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Effects of a Community-Based Diabetes Prevention Program for Latino Youth with Obesity: A Randomized Controlled Trial.

A new interesting article has been published in Obesity (Silver Spring). 2018 Dec;26(12):1856-1865. doi: 10.1002/oby.22300. Epub 2018 Nov 14. and titled:

Effects of a Community-Based Diabetes Prevention Program for Latino Youth with Obesity: A Randomized Controlled Trial.

Authors of this article are:

Soltero EG, Olson ML, Williams AN, Konopken YP, Castro FG, Arcoleo KJ, Keller CS, Patrick DL, Ayers SL, Barraza E, Shaibi GQ,.

A summary of the article is shown below:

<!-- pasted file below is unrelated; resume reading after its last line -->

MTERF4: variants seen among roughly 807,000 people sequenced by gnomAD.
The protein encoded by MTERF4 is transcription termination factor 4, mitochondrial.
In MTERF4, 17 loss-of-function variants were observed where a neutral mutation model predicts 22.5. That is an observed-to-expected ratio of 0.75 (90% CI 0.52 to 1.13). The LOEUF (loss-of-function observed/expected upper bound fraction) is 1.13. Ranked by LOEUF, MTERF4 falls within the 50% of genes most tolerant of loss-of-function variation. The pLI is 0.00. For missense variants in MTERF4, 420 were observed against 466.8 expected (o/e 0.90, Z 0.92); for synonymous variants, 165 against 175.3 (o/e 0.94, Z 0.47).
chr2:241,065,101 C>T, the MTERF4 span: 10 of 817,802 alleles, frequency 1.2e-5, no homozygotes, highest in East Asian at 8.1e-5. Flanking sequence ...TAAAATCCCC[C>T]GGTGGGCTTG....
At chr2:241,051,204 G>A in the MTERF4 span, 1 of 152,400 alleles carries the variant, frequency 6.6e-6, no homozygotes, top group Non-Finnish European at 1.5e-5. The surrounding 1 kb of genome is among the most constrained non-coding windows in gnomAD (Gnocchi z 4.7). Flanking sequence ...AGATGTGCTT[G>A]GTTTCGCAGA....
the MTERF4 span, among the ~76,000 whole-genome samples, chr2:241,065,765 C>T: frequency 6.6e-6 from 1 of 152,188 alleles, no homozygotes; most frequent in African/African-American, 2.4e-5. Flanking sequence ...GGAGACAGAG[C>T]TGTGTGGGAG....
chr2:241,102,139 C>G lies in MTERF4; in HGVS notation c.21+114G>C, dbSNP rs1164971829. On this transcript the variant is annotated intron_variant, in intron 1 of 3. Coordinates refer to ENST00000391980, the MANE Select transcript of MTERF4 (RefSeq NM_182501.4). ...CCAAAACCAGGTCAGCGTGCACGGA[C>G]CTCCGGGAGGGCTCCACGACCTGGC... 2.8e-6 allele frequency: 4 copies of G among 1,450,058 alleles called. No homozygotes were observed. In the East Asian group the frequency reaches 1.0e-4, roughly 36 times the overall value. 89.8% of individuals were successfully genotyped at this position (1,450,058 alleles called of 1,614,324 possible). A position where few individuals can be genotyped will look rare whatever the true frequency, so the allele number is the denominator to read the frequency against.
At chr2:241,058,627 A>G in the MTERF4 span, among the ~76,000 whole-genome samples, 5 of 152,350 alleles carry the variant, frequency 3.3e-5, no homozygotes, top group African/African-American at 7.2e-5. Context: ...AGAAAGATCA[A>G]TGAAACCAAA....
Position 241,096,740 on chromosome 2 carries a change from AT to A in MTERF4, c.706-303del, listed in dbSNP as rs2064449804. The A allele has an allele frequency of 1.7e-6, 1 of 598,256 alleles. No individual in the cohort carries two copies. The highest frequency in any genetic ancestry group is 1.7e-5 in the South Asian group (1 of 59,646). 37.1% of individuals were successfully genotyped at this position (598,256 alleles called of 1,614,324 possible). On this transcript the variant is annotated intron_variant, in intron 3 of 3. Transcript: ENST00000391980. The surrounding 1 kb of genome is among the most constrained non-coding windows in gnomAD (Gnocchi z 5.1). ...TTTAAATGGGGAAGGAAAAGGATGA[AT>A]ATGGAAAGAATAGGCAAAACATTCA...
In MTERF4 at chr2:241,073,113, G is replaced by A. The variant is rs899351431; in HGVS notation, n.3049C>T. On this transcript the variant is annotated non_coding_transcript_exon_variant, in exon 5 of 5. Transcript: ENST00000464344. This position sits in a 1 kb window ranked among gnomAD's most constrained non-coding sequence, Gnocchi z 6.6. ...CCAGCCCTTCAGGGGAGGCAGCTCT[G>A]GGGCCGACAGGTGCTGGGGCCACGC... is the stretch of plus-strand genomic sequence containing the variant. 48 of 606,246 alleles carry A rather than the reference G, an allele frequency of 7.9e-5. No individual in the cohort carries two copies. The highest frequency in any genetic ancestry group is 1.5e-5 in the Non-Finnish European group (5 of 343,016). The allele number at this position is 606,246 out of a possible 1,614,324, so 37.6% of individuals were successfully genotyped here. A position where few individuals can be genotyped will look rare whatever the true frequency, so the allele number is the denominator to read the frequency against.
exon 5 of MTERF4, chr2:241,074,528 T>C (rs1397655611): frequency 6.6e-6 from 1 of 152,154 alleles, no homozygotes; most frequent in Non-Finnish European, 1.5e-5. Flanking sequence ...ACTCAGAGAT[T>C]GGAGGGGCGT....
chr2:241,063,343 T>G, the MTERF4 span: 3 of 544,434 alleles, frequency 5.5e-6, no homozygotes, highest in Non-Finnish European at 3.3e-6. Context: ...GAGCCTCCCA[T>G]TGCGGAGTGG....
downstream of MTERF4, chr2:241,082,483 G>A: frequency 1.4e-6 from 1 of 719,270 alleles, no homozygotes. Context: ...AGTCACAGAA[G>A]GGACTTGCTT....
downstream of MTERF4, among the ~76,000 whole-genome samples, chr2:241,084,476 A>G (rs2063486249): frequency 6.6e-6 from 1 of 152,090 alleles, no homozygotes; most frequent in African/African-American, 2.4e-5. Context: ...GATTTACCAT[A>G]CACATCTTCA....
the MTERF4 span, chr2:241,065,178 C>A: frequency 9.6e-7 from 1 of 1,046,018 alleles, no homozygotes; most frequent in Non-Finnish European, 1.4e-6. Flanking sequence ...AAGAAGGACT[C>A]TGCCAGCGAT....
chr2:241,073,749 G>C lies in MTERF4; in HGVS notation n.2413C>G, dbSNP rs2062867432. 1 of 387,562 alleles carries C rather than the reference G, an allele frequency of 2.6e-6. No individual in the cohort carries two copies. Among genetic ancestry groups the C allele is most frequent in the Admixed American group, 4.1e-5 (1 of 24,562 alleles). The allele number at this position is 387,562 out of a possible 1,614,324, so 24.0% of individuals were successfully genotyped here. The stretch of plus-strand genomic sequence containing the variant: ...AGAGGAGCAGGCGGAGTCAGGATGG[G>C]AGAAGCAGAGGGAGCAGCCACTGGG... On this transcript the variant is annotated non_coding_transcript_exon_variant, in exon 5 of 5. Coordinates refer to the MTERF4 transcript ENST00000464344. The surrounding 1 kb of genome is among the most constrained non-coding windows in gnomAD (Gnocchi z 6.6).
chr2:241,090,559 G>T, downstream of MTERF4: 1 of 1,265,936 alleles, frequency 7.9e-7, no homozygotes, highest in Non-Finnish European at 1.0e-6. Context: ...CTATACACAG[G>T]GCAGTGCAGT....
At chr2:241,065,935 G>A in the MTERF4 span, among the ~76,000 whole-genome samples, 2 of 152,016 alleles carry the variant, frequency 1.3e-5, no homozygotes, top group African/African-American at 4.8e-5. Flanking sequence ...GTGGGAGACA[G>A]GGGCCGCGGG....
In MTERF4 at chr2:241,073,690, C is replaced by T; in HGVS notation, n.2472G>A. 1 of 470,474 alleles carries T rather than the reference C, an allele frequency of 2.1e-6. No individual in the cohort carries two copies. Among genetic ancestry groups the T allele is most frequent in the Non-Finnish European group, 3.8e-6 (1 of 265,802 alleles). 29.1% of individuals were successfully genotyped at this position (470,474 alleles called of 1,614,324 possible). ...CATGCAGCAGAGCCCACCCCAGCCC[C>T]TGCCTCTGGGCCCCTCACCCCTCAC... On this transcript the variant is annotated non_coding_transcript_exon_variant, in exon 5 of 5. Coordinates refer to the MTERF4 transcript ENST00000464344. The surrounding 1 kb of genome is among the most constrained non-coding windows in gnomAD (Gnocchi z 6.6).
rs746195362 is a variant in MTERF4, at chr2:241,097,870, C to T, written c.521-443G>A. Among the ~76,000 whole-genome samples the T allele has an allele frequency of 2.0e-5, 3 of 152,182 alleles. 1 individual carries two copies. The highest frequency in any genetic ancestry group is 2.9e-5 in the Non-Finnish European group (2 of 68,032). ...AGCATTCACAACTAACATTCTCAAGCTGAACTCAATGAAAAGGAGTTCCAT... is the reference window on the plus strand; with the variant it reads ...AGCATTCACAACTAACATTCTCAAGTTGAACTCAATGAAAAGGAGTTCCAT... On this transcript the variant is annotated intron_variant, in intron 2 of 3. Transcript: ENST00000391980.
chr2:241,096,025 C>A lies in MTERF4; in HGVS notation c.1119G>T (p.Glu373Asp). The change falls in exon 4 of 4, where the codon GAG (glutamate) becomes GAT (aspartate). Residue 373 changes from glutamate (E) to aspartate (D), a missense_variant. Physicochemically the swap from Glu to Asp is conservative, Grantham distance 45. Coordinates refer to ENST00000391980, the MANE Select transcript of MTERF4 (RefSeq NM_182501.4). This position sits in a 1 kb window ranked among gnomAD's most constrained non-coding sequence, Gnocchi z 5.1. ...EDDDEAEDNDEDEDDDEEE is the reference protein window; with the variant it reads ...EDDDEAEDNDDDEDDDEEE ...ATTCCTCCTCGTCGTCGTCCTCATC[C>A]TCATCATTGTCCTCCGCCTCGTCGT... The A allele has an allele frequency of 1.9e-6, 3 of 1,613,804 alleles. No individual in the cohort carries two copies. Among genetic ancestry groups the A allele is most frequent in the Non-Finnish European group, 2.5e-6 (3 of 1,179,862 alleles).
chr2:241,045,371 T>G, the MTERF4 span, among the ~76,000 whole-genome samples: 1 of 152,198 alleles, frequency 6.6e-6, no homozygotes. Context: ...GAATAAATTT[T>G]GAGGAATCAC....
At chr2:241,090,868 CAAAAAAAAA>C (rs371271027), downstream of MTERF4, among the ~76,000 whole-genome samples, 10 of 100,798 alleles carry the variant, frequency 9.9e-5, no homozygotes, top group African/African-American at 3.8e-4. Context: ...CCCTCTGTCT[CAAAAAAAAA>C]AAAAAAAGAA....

OBJECTIVE: This study examined the short- and long-term effects of a community-based lifestyle intervention among Latino youth with obesity.METHODS: Latino adolescents (14-16 years old) were randomized to a 3-month lifestyle intervention (n = 67) or comparison control (n = 69) and followed for 12 months. The intervention included weekly nutrition and health classes delivered to groups of families and exercise sessions (3 days/week) delivered to groups of adolescents. Comparison youth received laboratory results and general health information. Primary outcomes included insulin sensitivity and weight-specific quality of life (QoL) with secondary outcomes of BMI percentile (BMI%), waist circumference, and percent body fat.RESULTS: At 3 months, youth in the intervention group exhibited significant increases in insulin sensitivity (P < 0.05) and weight-specific QoL (P < 0.001), as well as reductions in BMI%, waist circumference, and percent body fat compared with controls. Increases in weight-specific QoL and reductions in BMI% and percent body fat remained significant at 12 months (P < 0.001), while changes in insulin sensitivity did not. In a subsample of youth with prediabetes at baseline, insulin sensitivity (P = 0.01), weight-specific QoL (P < 0.001), and BMI% (P < 0.001) significantly improved at 3 months.CONCLUSIONS: Lifestyle intervention can improve cardiometabolic and psychosocial health in a vulnerable population of Latino adolescents at high risk for developing type 2 diabetes.© 2018 The Obesity Society.
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